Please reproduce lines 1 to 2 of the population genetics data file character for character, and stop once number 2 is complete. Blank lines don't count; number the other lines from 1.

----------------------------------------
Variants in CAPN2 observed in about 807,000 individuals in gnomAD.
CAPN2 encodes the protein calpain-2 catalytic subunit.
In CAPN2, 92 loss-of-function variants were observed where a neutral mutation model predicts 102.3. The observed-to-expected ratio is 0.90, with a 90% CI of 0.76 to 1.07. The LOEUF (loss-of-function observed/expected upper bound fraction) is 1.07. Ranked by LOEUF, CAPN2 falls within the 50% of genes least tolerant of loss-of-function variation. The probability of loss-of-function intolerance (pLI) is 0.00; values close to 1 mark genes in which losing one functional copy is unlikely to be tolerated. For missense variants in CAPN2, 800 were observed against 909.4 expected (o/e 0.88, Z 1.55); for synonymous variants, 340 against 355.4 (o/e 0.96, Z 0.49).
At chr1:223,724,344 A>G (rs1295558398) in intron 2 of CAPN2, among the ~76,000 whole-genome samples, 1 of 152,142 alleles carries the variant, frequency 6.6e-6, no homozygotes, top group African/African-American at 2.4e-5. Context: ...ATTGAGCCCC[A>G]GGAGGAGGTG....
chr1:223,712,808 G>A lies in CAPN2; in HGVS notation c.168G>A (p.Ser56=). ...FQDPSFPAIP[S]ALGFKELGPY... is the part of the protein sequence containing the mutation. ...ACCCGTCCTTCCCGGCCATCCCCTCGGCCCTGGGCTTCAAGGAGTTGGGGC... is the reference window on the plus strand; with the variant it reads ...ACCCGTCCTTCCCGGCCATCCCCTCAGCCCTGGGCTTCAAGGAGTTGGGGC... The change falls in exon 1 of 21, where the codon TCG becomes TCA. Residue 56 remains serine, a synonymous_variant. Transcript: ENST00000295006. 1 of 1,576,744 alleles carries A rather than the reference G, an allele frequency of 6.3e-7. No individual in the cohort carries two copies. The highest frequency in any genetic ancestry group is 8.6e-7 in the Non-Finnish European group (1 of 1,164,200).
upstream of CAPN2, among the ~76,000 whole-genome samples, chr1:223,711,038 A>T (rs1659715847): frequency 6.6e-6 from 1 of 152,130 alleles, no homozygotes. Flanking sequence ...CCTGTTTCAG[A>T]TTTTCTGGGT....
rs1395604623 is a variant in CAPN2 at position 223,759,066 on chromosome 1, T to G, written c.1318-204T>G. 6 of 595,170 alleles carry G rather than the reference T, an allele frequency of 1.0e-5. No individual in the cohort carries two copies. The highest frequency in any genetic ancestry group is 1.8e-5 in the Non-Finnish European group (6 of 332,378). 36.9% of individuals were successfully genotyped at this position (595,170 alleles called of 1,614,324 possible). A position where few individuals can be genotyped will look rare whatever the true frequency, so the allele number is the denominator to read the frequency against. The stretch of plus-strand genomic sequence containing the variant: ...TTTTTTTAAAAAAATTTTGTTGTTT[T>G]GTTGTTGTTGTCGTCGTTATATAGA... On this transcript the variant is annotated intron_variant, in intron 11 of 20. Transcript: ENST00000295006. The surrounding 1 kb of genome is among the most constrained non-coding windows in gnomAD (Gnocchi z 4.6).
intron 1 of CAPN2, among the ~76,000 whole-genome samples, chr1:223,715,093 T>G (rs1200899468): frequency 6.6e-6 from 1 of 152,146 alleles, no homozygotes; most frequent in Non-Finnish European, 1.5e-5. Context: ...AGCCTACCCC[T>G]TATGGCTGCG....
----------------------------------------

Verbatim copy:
Variants in CAPN2 observed in about 807,000 individuals in gnomAD.
CAPN2 encodes the protein calpain-2 catalytic subunit.